Continuing its efforts to simplify its ad products, Facebook today announced an update to its Ad Manager Reports. These reports help advertisers track and manage their campaigns on the social network.
According to product manager David Baser, the goal of these changes is to give advertisers tools that are “simpler, easier-to-use, and more flexible.” Specifically, he said that Facebook is now making it easier for you to see reach data for an ad, a campaign, or an entire account, for any date range.
“Marketers no longer have to export multiple reports to get the data that they want,” stated Facebook. “With these new reports, they can choose the Facebook ad metrics they want to include in a report; break out the data how they want it; drag and drop to organize columns; and save, export, and schedule their reports for delivery.”
Reach is a particularly important metric as it tends to drive most of the other results, such as in-store purchases. Controlling the scheduling is important because it allows you to immediately understand the success of those efforts. Previously you could only look at reach for an ad or campaign, and only on a fixed scheduled created by Facebook.
Baser also noted that cost-per-action metrics will now be visible everywhere throughout the report. This means that you no longer have to look at different reports to understand what you’re paying to reach your goals. Additionally, it allows you to see the real-time performance of an ad, campaign, or account based on age, gender, country, or placement within Facebook.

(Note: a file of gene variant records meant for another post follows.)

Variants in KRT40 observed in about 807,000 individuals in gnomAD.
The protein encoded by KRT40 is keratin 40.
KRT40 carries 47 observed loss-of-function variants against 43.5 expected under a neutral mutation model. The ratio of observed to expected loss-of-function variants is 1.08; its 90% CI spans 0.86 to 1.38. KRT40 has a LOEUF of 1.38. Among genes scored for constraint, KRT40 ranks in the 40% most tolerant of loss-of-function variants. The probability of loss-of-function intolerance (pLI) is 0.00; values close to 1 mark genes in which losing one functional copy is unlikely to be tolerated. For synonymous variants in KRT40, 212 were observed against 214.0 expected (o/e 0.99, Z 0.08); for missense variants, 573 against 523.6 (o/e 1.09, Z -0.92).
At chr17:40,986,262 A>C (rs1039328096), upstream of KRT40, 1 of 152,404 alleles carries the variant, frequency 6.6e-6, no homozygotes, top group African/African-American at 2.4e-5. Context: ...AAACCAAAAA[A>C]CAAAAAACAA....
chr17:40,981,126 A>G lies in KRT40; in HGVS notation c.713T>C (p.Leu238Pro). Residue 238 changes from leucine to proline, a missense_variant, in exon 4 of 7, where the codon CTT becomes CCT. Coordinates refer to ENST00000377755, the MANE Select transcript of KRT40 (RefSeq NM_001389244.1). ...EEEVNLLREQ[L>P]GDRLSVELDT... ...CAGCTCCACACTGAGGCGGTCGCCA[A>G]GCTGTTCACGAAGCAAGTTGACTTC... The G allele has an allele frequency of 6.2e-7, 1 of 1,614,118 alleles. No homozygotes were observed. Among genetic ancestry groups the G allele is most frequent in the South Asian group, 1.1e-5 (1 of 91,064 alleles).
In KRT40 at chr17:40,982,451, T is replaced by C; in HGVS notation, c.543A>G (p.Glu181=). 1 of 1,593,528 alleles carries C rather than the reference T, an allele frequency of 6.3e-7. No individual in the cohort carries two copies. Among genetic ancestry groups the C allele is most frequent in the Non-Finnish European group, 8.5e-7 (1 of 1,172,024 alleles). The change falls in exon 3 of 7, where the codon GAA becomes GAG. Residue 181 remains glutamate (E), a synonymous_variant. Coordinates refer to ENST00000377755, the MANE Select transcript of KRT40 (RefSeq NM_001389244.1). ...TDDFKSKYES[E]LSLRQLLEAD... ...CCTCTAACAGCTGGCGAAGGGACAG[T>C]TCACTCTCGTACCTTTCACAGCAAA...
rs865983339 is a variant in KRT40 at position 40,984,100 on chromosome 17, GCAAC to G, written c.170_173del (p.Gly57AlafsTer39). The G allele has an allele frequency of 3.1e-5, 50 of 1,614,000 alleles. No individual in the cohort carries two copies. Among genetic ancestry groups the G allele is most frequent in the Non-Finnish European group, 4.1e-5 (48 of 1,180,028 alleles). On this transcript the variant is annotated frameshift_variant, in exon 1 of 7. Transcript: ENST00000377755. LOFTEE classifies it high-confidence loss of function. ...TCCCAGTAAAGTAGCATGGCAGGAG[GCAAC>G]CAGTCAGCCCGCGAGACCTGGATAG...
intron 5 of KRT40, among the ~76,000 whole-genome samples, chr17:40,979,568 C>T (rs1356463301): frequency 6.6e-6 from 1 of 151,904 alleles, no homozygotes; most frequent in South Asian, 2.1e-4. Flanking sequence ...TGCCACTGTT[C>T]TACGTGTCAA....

Priceline.com has been testing the new interface and said that the changes have decreased the number of reports it needs to pull by 50 percent, and the campaign summaries have minimized the time spent on sorting through spreadsheets.
Updates to Ads Manager Reports will roll out gradually, with full availability expected in the coming weeks. You can get a detailed overview of the new reports tool by downloading the new Ads Manager Reports Guide.
Jennifer Beese: Jennifer Beese has worked as a community manager and social media strategist. When she’s not writing, you can find her studying anatomy and physiology—she literally has a skeleton in her closet—or under the stars with her telescope.